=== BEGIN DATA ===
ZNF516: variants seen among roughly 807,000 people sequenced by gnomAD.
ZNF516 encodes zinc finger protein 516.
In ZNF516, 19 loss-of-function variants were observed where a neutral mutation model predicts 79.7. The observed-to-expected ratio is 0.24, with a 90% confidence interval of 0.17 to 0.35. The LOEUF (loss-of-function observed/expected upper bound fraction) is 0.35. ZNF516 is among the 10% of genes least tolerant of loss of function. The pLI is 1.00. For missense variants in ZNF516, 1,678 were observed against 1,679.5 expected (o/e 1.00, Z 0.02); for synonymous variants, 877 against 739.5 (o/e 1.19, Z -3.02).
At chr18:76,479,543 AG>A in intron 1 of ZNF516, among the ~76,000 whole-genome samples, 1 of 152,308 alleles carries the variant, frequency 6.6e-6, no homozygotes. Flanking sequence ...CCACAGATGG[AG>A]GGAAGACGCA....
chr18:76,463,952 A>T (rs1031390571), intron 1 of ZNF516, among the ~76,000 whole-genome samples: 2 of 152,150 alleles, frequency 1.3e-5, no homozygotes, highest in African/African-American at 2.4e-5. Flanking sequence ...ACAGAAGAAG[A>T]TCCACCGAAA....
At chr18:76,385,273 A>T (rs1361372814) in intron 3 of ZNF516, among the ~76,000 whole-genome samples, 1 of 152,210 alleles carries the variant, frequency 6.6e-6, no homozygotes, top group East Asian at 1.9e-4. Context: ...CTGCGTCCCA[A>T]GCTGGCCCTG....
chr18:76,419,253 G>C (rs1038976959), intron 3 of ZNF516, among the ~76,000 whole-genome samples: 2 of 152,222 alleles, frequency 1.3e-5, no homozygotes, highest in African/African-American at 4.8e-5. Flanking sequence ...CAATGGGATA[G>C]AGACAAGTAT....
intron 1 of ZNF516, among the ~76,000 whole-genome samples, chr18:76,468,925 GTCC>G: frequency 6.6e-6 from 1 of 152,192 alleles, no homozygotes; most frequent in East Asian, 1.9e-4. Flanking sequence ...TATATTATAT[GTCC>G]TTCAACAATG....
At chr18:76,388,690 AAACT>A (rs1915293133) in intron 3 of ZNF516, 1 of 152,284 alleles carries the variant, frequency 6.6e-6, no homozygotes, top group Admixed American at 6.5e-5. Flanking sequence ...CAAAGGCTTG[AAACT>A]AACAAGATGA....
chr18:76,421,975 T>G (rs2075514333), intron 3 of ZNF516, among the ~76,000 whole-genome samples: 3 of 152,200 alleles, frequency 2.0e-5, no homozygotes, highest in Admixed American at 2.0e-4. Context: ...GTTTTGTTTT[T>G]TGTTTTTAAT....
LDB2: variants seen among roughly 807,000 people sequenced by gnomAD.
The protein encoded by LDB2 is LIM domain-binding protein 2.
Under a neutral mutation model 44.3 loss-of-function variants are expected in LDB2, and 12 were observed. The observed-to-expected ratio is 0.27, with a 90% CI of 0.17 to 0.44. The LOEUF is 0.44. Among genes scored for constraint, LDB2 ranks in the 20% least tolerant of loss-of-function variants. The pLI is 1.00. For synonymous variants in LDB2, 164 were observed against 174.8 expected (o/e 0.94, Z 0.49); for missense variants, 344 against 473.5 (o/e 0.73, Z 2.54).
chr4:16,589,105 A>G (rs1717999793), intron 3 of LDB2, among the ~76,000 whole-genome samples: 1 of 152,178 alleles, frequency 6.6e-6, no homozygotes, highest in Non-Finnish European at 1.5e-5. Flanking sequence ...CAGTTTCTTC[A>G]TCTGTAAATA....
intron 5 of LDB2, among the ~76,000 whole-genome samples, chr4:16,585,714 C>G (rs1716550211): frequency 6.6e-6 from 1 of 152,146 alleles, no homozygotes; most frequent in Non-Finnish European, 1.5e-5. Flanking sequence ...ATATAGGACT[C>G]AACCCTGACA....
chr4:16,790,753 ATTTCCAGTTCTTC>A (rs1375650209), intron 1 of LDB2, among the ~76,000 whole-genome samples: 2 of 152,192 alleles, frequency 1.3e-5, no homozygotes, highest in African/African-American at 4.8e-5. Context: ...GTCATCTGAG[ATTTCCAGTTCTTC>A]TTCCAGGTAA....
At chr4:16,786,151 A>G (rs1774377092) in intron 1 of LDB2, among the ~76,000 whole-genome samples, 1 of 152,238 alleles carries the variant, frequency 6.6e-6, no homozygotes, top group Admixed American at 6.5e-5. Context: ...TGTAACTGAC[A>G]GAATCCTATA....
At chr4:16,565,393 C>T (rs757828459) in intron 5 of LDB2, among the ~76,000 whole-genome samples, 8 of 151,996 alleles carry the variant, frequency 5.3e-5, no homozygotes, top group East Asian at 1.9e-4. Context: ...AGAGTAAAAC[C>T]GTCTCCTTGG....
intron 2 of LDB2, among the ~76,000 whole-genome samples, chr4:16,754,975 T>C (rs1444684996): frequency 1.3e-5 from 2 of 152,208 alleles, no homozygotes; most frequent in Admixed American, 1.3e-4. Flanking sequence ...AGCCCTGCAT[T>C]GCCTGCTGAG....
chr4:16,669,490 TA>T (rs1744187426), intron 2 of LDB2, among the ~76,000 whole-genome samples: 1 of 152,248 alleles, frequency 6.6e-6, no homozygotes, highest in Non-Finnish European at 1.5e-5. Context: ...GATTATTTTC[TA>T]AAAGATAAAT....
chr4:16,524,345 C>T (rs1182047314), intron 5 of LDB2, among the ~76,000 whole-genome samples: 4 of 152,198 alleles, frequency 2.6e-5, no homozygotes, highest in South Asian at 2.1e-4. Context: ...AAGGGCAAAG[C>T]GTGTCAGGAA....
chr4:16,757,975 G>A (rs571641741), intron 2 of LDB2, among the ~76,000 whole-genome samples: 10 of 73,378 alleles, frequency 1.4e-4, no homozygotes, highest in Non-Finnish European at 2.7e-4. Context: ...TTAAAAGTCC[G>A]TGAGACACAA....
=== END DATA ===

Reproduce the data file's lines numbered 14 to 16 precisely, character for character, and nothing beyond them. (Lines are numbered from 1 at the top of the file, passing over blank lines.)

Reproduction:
chr4:16,589,105 A>G (rs1717999793), intron 3 of LDB2, among the ~76,000 whole-genome samples: 1 of 152,178 alleles, frequency 6.6e-6, no homozygotes, highest in Non-Finnish European at 1.5e-5. Flanking sequence ...CAGTTTCTTC[A>G]TCTGTAAATA....
intron 5 of LDB2, among the ~76,000 whole-genome samples, chr4:16,585,714 C>G (rs1716550211): frequency 6.6e-6 from 1 of 152,146 alleles, no homozygotes; most frequent in Non-Finnish European, 1.5e-5. Flanking sequence ...ATATAGGACT[C>G]AACCCTGACA....
chr4:16,790,753 ATTTCCAGTTCTTC>A (rs1375650209), intron 1 of LDB2, among the ~76,000 whole-genome samples: 2 of 152,192 alleles, frequency 1.3e-5, no homozygotes, highest in African/African-American at 4.8e-5. Context: ...GTCATCTGAG[ATTTCCAGTTCTTC>A]TTCCAGGTAA....